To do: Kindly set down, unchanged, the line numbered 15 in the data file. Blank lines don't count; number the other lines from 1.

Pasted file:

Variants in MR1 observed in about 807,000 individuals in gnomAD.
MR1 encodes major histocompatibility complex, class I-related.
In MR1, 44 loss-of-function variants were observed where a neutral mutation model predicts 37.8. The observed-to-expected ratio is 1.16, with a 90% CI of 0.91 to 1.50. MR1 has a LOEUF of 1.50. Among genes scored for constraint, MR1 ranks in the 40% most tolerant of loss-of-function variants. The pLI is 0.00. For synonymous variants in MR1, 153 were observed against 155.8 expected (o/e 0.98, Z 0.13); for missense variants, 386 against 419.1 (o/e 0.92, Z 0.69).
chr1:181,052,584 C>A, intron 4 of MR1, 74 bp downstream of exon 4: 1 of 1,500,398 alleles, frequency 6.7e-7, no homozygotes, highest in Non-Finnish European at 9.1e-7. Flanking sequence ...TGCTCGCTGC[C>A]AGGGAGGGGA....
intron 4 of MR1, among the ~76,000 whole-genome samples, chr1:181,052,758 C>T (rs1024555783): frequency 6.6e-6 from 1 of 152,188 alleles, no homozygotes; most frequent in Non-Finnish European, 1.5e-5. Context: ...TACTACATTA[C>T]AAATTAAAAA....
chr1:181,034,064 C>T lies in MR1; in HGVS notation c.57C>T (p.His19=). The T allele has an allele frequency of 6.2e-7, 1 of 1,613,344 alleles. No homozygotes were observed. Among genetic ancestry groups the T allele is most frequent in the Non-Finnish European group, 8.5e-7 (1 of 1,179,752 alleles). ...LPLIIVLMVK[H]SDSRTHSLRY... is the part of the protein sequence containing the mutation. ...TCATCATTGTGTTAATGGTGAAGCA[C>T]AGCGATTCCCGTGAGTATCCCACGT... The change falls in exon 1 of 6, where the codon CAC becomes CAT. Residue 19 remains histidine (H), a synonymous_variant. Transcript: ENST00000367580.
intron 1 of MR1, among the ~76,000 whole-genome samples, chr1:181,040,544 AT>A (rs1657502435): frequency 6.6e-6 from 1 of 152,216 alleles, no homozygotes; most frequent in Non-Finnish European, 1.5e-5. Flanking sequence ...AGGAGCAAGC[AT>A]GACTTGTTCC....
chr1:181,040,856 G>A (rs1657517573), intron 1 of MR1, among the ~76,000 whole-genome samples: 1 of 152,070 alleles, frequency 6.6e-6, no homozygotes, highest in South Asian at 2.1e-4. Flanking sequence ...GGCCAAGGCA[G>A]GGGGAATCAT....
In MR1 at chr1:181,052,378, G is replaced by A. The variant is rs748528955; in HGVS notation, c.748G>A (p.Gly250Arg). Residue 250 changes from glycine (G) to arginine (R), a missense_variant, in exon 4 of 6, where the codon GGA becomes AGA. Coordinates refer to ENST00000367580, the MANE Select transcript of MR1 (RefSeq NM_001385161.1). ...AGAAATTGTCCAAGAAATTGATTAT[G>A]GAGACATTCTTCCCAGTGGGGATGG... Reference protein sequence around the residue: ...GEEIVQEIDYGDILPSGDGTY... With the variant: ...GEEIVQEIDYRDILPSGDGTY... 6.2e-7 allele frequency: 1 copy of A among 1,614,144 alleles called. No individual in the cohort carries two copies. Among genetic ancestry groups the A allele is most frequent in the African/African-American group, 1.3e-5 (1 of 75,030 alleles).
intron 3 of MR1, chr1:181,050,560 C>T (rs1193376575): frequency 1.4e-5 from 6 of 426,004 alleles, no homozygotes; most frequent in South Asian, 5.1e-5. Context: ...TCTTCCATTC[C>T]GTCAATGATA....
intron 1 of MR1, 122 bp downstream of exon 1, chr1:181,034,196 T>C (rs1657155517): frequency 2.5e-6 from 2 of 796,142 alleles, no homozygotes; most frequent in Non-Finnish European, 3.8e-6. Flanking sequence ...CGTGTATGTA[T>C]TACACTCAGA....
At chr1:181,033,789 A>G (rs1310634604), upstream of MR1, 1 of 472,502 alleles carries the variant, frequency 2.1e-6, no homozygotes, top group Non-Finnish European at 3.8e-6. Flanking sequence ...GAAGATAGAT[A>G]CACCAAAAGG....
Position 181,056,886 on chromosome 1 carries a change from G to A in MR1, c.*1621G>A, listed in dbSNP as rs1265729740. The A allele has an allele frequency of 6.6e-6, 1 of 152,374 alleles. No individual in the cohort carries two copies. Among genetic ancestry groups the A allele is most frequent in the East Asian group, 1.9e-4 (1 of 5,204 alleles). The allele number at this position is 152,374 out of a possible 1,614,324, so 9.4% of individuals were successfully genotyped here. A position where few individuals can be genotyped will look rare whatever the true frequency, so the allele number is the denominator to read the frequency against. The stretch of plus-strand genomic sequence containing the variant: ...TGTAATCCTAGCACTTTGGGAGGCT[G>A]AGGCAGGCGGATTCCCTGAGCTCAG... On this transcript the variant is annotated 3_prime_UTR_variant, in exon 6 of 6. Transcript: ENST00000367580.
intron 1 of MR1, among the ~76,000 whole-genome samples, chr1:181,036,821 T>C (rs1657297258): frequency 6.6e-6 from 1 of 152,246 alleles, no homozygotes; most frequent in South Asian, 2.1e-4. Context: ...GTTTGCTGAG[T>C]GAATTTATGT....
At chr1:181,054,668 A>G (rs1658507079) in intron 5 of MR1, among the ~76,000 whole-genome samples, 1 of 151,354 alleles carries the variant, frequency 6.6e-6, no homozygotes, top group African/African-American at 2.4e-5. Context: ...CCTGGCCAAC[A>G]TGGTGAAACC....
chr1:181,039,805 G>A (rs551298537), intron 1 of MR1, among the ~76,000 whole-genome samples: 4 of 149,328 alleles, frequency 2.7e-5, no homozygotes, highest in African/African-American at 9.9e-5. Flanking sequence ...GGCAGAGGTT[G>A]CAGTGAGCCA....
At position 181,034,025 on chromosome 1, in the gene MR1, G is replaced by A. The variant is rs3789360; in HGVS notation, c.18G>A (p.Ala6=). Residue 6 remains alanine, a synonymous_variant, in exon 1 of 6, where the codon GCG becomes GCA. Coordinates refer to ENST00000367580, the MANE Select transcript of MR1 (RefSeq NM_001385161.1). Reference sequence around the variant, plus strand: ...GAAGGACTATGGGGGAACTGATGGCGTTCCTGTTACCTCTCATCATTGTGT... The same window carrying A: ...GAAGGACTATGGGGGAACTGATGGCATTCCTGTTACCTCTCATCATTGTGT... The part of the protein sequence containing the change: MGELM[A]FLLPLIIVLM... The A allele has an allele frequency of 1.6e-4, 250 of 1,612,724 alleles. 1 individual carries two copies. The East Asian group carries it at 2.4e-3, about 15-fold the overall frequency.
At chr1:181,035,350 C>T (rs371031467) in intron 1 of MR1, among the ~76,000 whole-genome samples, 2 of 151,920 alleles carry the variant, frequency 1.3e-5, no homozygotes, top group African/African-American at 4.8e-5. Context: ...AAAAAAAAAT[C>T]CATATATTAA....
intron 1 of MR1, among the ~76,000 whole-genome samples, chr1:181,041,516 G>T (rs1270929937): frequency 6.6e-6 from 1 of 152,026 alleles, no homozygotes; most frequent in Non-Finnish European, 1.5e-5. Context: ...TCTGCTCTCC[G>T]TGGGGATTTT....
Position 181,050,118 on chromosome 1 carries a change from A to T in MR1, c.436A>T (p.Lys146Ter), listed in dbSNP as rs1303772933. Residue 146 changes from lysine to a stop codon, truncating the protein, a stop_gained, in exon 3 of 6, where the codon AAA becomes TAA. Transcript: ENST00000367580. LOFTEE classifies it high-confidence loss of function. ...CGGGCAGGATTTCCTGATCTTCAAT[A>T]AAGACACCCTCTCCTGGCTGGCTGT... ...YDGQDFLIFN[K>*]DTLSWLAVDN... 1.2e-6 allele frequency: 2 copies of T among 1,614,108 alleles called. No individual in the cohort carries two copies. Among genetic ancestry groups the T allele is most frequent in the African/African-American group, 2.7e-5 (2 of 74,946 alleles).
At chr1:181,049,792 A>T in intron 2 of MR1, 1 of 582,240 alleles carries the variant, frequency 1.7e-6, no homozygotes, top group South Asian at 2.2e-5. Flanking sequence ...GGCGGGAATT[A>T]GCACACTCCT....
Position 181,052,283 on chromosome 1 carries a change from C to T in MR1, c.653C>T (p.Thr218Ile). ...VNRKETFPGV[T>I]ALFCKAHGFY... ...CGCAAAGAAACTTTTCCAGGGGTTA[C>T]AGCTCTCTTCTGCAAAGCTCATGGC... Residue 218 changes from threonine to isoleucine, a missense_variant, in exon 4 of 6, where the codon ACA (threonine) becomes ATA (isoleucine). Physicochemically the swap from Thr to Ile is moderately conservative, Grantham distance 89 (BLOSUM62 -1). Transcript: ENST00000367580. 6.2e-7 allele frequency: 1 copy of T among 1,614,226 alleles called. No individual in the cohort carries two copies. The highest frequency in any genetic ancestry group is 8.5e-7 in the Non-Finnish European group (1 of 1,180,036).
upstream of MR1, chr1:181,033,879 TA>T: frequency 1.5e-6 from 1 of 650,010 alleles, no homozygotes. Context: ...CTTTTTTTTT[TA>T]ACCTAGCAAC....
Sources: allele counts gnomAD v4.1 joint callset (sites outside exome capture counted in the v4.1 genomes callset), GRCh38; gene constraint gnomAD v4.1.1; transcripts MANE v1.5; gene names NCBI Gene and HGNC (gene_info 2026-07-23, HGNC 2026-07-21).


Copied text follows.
At chr1:181,054,668 A>G (rs1658507079) in intron 5 of MR1, among the ~76,000 whole-genome samples, 1 of 151,354 alleles carries the variant, frequency 6.6e-6, no homozygotes, top group African/African-American at 2.4e-5. Context: ...CCTGGCCAAC[A>G]TGGTGAAACC....